How Tech is Changing the Way We Deal With Insomnia (Paste Magazine)

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How you’d sleep last night? There’s a hefty chance it was not so good. According to the Centers for Disease Control and Prevention, one-third of the American public is suffering from insomnia. Whether this number sounds like a lot or a total understatement probably depends on whether you’re the one tossing and turning at night. Insomnia can make everyday life hard—that is, difficult to function during the day at work and scary to get behind the wheel of a car. In addition to fatigue, too little sleep impacts mental and physical health in a variety of less immediate ways, making us more likely to be depressed, sick and overweight.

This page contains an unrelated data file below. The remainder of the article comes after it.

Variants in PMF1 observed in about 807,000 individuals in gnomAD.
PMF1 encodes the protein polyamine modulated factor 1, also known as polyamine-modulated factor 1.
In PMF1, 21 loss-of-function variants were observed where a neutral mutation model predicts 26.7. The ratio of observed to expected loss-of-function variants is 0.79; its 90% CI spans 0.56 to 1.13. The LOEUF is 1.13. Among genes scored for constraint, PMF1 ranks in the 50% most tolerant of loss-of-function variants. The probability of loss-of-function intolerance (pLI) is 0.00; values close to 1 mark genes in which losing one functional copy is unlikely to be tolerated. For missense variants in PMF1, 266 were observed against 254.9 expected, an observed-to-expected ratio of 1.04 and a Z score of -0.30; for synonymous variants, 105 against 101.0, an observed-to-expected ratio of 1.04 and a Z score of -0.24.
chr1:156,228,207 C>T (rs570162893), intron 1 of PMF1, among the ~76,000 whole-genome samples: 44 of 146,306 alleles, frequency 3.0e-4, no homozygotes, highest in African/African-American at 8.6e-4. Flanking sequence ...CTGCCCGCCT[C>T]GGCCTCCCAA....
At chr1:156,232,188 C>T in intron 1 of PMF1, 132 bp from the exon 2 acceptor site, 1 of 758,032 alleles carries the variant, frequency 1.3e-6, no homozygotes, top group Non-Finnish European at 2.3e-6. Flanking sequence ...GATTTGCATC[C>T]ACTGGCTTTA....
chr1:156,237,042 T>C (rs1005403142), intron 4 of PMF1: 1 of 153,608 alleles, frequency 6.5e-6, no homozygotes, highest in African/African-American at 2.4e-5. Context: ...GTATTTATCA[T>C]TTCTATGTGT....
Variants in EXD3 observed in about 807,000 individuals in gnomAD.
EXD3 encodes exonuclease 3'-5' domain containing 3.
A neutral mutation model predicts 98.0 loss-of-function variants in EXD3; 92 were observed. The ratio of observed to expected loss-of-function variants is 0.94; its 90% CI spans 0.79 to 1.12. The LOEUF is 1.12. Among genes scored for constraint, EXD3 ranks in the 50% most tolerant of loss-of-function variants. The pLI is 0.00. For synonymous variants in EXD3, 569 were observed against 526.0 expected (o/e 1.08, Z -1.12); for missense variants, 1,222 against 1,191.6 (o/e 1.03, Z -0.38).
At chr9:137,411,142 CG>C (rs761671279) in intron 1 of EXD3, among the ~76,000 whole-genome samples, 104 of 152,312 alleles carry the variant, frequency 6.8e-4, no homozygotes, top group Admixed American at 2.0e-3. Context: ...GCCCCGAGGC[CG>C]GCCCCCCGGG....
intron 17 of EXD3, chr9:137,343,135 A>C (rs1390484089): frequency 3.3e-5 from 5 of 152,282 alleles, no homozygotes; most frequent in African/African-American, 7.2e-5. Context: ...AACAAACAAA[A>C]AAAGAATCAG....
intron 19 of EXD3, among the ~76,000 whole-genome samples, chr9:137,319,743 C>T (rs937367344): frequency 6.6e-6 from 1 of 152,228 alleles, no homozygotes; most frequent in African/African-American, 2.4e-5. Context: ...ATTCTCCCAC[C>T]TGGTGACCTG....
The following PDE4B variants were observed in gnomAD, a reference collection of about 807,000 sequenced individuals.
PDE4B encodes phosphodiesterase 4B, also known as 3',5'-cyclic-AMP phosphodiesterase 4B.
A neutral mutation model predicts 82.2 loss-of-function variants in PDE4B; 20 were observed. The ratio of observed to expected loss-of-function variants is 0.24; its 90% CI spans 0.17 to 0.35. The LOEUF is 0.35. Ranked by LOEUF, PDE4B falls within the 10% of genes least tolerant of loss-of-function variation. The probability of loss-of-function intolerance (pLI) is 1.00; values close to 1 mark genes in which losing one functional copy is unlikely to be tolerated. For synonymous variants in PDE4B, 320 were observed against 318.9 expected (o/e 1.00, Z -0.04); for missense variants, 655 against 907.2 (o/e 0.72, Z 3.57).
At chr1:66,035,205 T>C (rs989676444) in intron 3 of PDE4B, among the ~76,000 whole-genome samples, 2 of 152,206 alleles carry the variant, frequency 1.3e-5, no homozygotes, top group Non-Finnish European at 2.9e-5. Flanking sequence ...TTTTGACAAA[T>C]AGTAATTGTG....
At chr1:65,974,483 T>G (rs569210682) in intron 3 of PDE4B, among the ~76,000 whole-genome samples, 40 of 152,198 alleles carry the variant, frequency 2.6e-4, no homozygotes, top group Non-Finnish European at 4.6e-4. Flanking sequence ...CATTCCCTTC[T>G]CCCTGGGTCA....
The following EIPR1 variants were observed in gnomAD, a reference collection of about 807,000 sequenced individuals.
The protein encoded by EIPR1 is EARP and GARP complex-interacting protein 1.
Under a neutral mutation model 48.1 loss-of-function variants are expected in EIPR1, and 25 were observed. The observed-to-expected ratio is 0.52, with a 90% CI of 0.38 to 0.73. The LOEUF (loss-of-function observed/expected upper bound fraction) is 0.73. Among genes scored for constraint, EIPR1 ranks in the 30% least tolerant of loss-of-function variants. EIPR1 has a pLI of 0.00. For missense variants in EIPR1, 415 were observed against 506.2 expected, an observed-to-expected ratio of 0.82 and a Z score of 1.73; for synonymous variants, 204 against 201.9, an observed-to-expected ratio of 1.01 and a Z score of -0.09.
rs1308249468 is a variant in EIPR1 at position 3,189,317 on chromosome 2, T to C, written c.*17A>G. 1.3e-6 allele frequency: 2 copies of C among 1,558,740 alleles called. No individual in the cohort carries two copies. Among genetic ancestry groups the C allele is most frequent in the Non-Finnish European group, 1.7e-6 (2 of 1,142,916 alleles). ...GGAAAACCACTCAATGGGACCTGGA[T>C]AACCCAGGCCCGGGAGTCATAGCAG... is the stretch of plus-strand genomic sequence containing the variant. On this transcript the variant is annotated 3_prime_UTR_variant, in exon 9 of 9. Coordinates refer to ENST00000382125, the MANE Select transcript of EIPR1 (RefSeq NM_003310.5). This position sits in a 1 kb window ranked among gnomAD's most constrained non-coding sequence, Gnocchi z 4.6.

For years, doctors have been telling sleep-deprived patients to practice to good sleep hygiene, for example, cutting back on coffee, nicotine, alcohol, naps and bouts of vigorous exercise right before bedtime; and creating a cool, quiet, dark and comfortable sleep environment in the bedroom. If those commonsense recommendations don’t do the trick, there are high-tech tools that offer some relief—for a price.

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